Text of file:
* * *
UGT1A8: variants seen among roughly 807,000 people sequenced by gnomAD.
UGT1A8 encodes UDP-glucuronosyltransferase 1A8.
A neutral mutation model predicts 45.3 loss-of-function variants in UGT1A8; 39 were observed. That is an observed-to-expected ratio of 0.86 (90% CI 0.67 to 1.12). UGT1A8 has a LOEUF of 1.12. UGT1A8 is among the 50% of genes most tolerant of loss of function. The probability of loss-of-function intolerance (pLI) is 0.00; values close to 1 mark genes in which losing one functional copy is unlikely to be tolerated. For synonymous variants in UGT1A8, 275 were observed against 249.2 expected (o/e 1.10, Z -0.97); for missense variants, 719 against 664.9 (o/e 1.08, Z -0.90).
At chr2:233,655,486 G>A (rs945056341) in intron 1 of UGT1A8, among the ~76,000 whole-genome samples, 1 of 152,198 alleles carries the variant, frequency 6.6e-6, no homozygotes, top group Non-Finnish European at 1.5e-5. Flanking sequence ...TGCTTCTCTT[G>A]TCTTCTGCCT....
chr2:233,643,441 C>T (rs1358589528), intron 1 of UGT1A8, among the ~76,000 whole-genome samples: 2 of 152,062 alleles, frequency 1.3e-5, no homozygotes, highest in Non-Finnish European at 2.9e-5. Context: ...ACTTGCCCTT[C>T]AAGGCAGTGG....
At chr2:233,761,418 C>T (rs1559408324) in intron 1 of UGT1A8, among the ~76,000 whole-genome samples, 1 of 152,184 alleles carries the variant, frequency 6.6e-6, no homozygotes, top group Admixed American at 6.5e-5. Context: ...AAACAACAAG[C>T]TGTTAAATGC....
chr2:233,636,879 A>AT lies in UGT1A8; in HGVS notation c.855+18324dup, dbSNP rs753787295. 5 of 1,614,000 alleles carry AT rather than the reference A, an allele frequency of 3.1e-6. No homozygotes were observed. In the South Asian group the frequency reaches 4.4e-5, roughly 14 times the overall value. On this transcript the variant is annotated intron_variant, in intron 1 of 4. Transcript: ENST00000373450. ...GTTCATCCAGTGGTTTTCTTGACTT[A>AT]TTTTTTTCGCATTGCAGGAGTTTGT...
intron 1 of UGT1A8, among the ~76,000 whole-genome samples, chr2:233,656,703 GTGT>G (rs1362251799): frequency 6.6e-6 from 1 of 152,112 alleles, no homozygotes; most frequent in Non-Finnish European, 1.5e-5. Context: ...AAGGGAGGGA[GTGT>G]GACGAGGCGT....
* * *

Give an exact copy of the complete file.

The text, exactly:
UGT1A8: variants seen among roughly 807,000 people sequenced by gnomAD.
UGT1A8 encodes UDP-glucuronosyltransferase 1A8.
A neutral mutation model predicts 45.3 loss-of-function variants in UGT1A8; 39 were observed. That is an observed-to-expected ratio of 0.86 (90% CI 0.67 to 1.12). UGT1A8 has a LOEUF of 1.12. UGT1A8 is among the 50% of genes most tolerant of loss of function. The probability of loss-of-function intolerance (pLI) is 0.00; values close to 1 mark genes in which losing one functional copy is unlikely to be tolerated. For synonymous variants in UGT1A8, 275 were observed against 249.2 expected (o/e 1.10, Z -0.97); for missense variants, 719 against 664.9 (o/e 1.08, Z -0.90).
At chr2:233,655,486 G>A (rs945056341) in intron 1 of UGT1A8, among the ~76,000 whole-genome samples, 1 of 152,198 alleles carries the variant, frequency 6.6e-6, no homozygotes, top group Non-Finnish European at 1.5e-5. Flanking sequence ...TGCTTCTCTT[G>A]TCTTCTGCCT....
chr2:233,643,441 C>T (rs1358589528), intron 1 of UGT1A8, among the ~76,000 whole-genome samples: 2 of 152,062 alleles, frequency 1.3e-5, no homozygotes, highest in Non-Finnish European at 2.9e-5. Context: ...ACTTGCCCTT[C>T]AAGGCAGTGG....
At chr2:233,761,418 C>T (rs1559408324) in intron 1 of UGT1A8, among the ~76,000 whole-genome samples, 1 of 152,184 alleles carries the variant, frequency 6.6e-6, no homozygotes, top group Admixed American at 6.5e-5. Context: ...AAACAACAAG[C>T]TGTTAAATGC....
chr2:233,636,879 A>AT lies in UGT1A8; in HGVS notation c.855+18324dup, dbSNP rs753787295. 5 of 1,614,000 alleles carry AT rather than the reference A, an allele frequency of 3.1e-6. No homozygotes were observed. In the South Asian group the frequency reaches 4.4e-5, roughly 14 times the overall value. On this transcript the variant is annotated intron_variant, in intron 1 of 4. Transcript: ENST00000373450. ...GTTCATCCAGTGGTTTTCTTGACTT[A>AT]TTTTTTTCGCATTGCAGGAGTTTGT...
intron 1 of UGT1A8, among the ~76,000 whole-genome samples, chr2:233,656,703 GTGT>G (rs1362251799): frequency 6.6e-6 from 1 of 152,112 alleles, no homozygotes; most frequent in Non-Finnish European, 1.5e-5. Context: ...AAGGGAGGGA[GTGT>G]GACGAGGCGT....